The Indian upper house of parliament has passed a bill known as “The Food Security Bill”, which seeks to make feeding a constitutional right of every Indian citizen.
According to the provisions of the Bill, 5kg of grain will be provided every month to some 800 million poor people.
The bill proposes to provide a kilo of rice at three rupees (about ten Naira), wheat at two rupees and millet at one rupee.
Millions live below the poverty line and many children are malnourished.
The scheme is likely to cost the government 1.3 trillion rupees (about 4 trillion Naira) every year.
The lower house of parliament passed the bill last month. It will now go to President Pranab Mukherjee for assent to become Law.
The bill was passed after a long debate in the upper house with the opposition criticising the government for “repackaging some existing schemes” with an eye on general elections next year.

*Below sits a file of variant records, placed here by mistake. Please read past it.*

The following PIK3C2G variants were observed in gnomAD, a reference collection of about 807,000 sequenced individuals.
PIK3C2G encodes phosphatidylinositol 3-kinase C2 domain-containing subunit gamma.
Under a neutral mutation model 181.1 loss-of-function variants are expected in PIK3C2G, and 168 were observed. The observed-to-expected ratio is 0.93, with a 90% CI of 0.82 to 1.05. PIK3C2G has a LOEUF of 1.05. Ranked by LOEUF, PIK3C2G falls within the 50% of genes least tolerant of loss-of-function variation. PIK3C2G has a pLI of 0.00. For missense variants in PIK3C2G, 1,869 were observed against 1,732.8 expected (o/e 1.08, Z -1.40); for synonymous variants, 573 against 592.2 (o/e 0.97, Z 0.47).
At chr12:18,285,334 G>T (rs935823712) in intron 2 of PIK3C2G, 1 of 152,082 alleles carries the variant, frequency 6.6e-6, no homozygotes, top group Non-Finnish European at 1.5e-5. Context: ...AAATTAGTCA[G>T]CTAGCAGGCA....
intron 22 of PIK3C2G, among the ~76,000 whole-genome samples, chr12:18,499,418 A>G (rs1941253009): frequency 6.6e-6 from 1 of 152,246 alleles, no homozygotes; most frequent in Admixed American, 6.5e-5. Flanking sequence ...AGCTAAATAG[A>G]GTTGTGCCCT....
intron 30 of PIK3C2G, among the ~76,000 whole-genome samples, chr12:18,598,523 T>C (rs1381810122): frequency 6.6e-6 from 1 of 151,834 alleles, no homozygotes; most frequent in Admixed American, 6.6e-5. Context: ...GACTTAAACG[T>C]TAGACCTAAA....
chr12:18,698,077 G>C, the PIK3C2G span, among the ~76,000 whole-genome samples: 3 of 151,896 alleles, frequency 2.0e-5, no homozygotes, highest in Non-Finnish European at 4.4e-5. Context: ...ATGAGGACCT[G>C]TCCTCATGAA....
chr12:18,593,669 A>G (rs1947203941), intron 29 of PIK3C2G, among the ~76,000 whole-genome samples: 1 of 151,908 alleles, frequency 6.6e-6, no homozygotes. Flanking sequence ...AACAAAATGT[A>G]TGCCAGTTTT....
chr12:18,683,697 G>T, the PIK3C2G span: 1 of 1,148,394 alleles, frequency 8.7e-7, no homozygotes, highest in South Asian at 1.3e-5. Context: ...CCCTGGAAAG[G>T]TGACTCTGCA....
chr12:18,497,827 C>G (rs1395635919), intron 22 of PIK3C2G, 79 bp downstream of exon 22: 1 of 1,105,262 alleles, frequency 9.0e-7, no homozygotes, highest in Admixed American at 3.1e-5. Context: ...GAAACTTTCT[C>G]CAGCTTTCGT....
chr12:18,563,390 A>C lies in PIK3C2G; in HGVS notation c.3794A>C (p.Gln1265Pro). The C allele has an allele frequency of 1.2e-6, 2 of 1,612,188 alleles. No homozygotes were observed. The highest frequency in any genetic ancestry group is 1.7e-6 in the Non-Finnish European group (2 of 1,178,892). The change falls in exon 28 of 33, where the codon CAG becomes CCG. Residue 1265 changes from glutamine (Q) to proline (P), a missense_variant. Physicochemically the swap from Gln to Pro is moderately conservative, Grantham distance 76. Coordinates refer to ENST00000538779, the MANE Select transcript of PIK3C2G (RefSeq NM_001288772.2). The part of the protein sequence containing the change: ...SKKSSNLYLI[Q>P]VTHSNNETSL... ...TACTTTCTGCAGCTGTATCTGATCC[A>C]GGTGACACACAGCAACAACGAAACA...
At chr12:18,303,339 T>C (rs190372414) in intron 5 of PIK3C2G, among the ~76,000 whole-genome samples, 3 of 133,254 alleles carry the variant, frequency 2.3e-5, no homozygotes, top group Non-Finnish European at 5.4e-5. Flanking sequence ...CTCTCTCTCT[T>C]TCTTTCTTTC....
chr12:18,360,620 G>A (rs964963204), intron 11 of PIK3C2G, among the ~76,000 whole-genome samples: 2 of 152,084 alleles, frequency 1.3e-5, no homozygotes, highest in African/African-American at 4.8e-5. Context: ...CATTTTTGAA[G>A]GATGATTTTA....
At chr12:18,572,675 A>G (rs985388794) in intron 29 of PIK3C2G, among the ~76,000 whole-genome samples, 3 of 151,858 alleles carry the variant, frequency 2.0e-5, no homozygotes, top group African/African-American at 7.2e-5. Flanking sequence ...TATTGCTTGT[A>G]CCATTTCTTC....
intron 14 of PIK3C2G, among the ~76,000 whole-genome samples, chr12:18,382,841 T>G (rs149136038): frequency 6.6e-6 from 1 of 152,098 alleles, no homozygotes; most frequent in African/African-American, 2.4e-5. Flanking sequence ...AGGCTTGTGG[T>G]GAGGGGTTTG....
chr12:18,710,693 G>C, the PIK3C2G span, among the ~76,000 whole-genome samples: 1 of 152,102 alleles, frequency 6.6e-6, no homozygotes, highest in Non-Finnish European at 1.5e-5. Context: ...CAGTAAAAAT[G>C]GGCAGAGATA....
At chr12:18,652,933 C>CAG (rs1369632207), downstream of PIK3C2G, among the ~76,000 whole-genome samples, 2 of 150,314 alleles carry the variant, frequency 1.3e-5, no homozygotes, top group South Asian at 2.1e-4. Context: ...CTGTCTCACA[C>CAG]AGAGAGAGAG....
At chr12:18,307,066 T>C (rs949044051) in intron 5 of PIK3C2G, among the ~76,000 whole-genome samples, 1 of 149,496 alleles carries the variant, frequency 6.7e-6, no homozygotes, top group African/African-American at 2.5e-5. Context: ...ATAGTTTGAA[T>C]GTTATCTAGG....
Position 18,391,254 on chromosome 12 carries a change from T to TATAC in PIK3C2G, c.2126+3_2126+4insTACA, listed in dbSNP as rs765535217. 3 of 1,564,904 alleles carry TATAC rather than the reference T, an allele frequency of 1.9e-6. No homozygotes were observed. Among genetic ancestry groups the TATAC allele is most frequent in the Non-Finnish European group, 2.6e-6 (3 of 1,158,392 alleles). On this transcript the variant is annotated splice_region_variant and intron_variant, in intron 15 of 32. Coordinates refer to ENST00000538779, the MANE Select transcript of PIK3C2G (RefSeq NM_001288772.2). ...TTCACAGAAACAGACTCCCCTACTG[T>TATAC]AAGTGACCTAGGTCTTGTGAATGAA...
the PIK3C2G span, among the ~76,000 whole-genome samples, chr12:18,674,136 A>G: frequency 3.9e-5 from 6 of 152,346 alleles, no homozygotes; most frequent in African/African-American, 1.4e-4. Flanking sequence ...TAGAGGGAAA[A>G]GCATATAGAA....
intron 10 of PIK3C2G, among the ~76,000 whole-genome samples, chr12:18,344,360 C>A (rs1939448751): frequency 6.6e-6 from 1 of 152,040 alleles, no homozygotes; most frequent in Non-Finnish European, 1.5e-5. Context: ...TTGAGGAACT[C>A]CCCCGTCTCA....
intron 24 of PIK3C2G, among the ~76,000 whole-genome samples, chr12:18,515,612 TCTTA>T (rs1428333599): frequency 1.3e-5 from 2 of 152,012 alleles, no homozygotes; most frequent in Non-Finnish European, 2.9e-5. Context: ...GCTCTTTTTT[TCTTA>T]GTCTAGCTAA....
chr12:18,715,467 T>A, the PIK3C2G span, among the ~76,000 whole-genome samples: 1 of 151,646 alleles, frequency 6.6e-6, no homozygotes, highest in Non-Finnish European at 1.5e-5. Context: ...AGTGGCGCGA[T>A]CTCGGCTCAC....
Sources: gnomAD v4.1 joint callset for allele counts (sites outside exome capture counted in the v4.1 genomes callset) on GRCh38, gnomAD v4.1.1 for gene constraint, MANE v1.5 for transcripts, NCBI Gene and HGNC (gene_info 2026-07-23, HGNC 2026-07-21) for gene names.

Food Minister, KV Thomas, said the federal government and the states “will have to work hand-in-hand” to make the scheme work, and that the government would bear the major part of the expenses.
India accounts for a third of the world’s poor and supporters say such assistance will help reduce poverty and hunger.
The bill was an election promise made by the governing Congress party and its implementation is expected to help the party in the elections.
It has had a rocky journey through the legislative process, though.
In July, the cabinet passed the measure as an ordinance using special constitutional powers to enable Mr Mukherjee to temporarily sign it into law but parliamentary approval was needed before 6 September – when the current session of parliament ends – for it to remain lawful.